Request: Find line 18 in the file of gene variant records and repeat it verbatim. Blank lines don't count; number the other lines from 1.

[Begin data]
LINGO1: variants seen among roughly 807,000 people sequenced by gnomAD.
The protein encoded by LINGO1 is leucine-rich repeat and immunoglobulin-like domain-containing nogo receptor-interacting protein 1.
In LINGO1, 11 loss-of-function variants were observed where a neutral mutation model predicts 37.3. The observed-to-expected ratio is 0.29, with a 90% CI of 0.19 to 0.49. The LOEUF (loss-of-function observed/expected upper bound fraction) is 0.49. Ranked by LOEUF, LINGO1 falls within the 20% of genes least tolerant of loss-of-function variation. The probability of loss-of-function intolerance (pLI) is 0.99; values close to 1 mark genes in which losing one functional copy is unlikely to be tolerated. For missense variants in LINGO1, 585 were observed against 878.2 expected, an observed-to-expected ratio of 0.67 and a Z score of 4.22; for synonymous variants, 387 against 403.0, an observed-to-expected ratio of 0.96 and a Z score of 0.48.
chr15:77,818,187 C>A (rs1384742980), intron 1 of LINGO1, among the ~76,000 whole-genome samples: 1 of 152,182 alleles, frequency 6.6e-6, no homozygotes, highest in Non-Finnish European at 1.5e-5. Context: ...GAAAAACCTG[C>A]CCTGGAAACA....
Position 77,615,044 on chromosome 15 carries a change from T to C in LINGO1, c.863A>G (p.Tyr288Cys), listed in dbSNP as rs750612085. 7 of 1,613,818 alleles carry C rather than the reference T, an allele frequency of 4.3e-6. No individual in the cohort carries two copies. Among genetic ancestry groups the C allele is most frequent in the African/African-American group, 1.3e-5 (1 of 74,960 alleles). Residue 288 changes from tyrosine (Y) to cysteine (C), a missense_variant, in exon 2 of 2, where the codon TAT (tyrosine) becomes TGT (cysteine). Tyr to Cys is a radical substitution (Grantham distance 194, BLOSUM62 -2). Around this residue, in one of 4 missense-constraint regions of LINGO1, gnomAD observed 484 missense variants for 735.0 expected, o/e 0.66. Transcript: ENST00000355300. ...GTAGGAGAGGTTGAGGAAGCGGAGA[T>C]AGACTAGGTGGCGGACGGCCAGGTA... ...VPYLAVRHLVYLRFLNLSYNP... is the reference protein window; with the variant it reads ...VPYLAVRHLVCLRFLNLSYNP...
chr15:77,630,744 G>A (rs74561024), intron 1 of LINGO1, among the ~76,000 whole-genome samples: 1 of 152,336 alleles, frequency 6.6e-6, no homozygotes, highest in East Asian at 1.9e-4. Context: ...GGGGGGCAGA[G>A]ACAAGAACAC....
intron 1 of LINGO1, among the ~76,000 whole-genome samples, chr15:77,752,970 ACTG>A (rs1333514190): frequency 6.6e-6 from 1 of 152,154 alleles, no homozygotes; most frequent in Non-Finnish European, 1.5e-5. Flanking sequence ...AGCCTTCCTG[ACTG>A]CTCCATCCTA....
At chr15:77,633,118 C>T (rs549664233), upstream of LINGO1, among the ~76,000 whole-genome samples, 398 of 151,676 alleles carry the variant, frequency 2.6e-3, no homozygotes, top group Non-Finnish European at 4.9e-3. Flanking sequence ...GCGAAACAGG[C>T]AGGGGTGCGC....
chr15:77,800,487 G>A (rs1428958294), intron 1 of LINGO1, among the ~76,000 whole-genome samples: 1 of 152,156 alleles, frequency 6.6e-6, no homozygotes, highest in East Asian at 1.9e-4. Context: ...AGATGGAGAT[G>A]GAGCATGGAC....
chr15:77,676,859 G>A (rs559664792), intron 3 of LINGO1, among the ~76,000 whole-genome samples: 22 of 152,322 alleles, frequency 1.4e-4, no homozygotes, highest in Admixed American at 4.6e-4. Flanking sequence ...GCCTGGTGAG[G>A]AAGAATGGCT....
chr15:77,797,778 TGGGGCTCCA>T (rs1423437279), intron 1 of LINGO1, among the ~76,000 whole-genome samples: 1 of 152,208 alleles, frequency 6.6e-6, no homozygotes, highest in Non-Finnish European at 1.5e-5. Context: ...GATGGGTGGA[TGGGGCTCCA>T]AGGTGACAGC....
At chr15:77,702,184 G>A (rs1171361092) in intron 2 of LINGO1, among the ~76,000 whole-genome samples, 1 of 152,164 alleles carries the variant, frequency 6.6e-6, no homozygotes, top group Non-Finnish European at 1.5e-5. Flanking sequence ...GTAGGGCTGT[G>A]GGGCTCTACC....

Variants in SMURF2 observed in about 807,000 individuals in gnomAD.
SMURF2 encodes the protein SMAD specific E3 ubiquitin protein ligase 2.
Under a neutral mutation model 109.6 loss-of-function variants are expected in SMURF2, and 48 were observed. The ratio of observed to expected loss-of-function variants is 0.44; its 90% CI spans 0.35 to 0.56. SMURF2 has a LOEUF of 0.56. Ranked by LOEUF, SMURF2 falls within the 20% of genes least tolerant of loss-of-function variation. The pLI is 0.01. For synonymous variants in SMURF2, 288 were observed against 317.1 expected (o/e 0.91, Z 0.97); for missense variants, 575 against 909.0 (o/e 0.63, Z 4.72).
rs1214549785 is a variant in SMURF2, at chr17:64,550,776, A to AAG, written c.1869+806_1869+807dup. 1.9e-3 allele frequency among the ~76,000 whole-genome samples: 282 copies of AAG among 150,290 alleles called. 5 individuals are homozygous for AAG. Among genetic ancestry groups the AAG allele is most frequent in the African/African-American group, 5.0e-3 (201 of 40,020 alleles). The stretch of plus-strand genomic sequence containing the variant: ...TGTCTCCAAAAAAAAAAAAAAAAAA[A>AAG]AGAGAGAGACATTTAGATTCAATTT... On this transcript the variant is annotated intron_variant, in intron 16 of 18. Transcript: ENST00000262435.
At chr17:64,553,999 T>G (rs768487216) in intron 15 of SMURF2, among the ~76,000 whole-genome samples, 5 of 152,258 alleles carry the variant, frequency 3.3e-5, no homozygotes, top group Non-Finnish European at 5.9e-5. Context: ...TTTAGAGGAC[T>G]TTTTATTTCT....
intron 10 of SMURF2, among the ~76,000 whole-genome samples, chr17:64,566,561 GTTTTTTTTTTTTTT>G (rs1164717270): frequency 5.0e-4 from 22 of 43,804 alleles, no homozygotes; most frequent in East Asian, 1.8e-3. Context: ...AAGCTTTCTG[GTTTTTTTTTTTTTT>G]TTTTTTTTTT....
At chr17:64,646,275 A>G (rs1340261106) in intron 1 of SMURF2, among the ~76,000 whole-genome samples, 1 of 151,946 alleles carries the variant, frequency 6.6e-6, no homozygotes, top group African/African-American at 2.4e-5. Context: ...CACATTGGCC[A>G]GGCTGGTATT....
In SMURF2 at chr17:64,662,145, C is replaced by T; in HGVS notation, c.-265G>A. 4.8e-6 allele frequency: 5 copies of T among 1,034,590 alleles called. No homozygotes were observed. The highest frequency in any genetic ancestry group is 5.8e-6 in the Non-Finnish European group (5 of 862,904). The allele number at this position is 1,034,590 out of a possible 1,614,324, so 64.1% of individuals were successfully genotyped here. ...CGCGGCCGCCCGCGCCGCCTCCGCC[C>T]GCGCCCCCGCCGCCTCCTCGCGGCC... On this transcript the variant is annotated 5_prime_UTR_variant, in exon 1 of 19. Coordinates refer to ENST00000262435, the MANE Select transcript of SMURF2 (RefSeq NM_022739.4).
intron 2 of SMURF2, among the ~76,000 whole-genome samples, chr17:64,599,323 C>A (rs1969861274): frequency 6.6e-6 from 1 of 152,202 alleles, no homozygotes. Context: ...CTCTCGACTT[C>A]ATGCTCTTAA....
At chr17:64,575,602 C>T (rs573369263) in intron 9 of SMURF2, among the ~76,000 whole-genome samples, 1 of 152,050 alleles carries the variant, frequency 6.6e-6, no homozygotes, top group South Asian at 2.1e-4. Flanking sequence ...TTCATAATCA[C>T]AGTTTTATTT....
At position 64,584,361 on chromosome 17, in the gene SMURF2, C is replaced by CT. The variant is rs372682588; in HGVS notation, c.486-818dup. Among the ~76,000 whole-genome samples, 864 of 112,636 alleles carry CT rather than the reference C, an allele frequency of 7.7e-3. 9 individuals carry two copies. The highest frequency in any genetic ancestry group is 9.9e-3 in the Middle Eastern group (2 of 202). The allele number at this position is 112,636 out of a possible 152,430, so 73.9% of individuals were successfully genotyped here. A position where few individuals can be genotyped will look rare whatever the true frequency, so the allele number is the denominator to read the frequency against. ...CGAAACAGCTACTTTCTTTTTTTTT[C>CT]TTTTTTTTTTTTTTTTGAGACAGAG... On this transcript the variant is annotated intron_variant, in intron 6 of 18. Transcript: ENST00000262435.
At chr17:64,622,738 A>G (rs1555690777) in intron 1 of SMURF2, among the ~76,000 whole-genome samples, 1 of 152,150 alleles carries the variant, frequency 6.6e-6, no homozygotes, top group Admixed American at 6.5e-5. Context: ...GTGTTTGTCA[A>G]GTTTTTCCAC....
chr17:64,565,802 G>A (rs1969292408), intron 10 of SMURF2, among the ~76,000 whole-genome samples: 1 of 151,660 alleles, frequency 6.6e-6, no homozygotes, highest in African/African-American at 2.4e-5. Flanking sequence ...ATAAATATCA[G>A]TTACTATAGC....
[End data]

intron 10 of SMURF2, among the ~76,000 whole-genome samples, chr17:64,566,561 GTTTTTTTTTTTTTT>G (rs1164717270): frequency 5.0e-4 from 22 of 43,804 alleles, no homozygotes; most frequent in East Asian, 1.8e-3. Context: ...AAGCTTTCTG[GTTTTTTTTTTTTTT>G]TTTTTTTTTT....